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Trade and Development

Page history last edited by editor 9 years, 2 months ago
Topics  Plan 

History of Liberalization

  1. Facts/Timeline/Trends
  2. Analysis
    1. Why is the treaty important? Significance?
    2. How did/does that influence the economy of Nepal?
    3. What were the topics of debate and controversy for each treaty?  
  3. Full Text depository 

Issue Topic: Liberalization efforts

  1. Policy analysis of BIPAA 

Issue Topic: Migration and Remittance



Issue Topic: Mosanto seeds and agricultural productivity








Issue1: Trade Liberalization and Food Security in Nepal














Government Initiatives in Food Policy -

Copied from IFPRI document pg 23.


  • During the Rana rule (1846-1950 AD), the state catered to the food needs of the military and civil servants. Food grain was obtained from Guthi and Raikar lands and for effective distribution, 'food stores' were kept under the control of the Commander-in-Chief
  • In 1948, the government established a 'Rice Milling and Sales Company' under military control.
  • The 1949, the establishment of the Department of Rice Mills and Sales marked the beginning of public sector intervention in distribution of subsidized food grain in Kathmandu Valley.
  • With the multi-party system in early 1950, food administration was separated from the military.
  • In 1951, a "Department of Food" was created in the Center with Regional Food Control Offices to procure rice in the Terai and dispatch it to Kathmandu for distribution. By 1951-52, there were 32 stores under this food control office.
  • In 1955, the government converted Regional Food Control Office to 'Food Storage and Sales Department' with a purpose to supply rice to Kathmandu cities (about 2,000 MT every year). In 1957, these units were merged to create a new "Food Office".
  • In the early 1960s, the government instituted a 'Valley Food Arrangement Committee' and allocated budget from government sources.
  • In 1964, the government replaced the Committee by 'Food Arrangement Corporation' to distribute food obtained locally.
  • In 1965, "Food Management Corporation" was established under the Corporation Act to replace Food Arrangement Corporation. This institution continued till 1972.
  • In 1971/72, the droughts and excess rains in hilly and remote regions of the country underscored the need for a national level agency. Thus, HMG created the Agricultural Marketing Corporation (AMC) by merging the Food Management Corporation and the "Agricultural Supply Corporation. The objectives were to:
    • Provide regular and organized supply of agricultural inputs,
    • Make food grains available at a reasonable price for the poor in food deficit districts,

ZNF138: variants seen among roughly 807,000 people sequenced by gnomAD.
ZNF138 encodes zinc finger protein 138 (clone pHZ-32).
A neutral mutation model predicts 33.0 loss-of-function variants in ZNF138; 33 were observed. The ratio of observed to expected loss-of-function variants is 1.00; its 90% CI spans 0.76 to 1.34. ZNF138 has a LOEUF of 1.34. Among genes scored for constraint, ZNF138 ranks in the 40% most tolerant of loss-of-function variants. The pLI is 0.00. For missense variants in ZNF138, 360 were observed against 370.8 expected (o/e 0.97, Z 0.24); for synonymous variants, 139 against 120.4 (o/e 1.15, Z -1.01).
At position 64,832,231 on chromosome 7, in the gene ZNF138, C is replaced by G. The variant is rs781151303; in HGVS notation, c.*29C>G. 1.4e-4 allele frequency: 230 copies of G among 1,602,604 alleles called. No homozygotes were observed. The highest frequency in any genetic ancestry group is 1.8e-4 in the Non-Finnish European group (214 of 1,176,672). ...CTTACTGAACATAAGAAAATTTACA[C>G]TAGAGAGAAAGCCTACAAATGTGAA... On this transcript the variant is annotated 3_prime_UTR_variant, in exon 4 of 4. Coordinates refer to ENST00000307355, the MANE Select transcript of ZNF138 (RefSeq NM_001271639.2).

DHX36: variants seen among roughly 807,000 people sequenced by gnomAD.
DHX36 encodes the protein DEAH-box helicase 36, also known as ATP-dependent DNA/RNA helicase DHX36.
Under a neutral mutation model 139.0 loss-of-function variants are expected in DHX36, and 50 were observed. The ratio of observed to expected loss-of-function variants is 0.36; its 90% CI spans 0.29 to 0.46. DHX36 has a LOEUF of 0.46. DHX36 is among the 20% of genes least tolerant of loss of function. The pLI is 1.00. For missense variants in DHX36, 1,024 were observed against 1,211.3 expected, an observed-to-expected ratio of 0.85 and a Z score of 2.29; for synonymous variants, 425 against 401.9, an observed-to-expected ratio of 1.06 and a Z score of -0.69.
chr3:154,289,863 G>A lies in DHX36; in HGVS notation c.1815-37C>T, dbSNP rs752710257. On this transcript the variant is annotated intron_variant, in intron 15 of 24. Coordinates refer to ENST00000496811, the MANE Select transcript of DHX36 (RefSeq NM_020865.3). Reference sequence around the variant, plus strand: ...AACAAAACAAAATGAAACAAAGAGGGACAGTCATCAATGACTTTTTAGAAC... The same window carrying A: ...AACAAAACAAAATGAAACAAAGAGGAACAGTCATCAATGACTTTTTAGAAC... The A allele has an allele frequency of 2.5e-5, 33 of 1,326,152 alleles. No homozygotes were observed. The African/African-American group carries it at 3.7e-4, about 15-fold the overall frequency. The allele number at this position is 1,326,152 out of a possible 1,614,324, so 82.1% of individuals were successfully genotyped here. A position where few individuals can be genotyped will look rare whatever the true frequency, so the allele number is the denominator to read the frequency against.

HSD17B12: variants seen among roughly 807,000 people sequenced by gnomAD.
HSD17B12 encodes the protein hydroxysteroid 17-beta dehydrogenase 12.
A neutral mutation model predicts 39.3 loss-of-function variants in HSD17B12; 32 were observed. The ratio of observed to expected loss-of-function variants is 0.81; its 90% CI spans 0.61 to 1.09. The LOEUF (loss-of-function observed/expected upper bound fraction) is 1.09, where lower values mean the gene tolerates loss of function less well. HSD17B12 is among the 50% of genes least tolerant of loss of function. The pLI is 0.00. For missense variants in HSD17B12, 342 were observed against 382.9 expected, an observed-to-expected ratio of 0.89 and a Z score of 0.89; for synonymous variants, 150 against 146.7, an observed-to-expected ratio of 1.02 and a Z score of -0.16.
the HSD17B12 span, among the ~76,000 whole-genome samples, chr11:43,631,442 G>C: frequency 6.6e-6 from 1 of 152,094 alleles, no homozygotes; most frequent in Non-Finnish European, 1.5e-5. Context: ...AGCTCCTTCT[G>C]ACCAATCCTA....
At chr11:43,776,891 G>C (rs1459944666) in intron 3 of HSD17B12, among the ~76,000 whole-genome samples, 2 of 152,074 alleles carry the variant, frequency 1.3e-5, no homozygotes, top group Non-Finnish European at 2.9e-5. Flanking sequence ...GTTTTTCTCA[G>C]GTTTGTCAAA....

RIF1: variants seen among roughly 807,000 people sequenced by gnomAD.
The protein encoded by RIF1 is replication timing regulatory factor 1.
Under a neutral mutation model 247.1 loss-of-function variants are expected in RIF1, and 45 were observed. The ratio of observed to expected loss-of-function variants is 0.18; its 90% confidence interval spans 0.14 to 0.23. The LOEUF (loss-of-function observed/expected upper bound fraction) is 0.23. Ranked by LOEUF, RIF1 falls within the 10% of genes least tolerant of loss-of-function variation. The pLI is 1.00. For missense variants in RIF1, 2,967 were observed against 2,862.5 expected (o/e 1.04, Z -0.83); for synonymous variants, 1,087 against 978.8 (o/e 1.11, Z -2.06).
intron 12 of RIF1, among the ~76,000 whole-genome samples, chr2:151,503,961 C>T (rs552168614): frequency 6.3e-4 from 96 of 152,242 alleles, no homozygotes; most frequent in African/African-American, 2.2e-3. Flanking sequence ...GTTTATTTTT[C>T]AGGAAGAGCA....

• Achieve better co-ordination by bringing both the input and output distribution functions under single management,
    • Promote food grain exports to countries other than India,
    • Stabilize prices of food grains, and
    • Increase agricultural production by providing incentives to the producers.
  • In 1973, the government integrated the Agricultural Supply Corporation and the Food Arrangement Corporation (FAC) into the Agriculture Purchase and Sales Corporation. The FAC took care of food supply all over the country.
  • In 1974, the agriculture Purchase and Sales Corporation was split into the AIC and NFC under the Corporation Act. NFC was responsible for handling food grain distribution while the AIC was responsible for providing inputs to farmers. The NFC was entrusted with procurement, storage and distribution of food grains as follows:
    • Procure, store, transport and distribute food grains at a fair price in order to meet the food requirements in the remote and food deficit areas and to maintain farm incomes.
    • Ensure adequate supply of food-grains and other essential commodities,
    • Implement the rice exports program of the government,
    • Maintain a reserve stock in relation to domestic requirements, and
    • Construct and maintain warehouses for storage and distribution. NFC was established to distribute food in deficit areas (i.e. mainly hilly and mountain districts) but a major part of the food has mostly been sold in the Kathmandu valley.
  • In 1986, the NPC identified one of the tasks to monitor the price movements across the border with India. The Minimum Support Price (MSP) and other prices fixed by the Government of India was one of the factors considered in deciding the level of MSP and the sales price of fertilizers.
  • Since 1998/99, the policies have been to downsize the NFC, and increase the role of private sector in food marketing. Since mid-1990s, NFC has reduced its operations.

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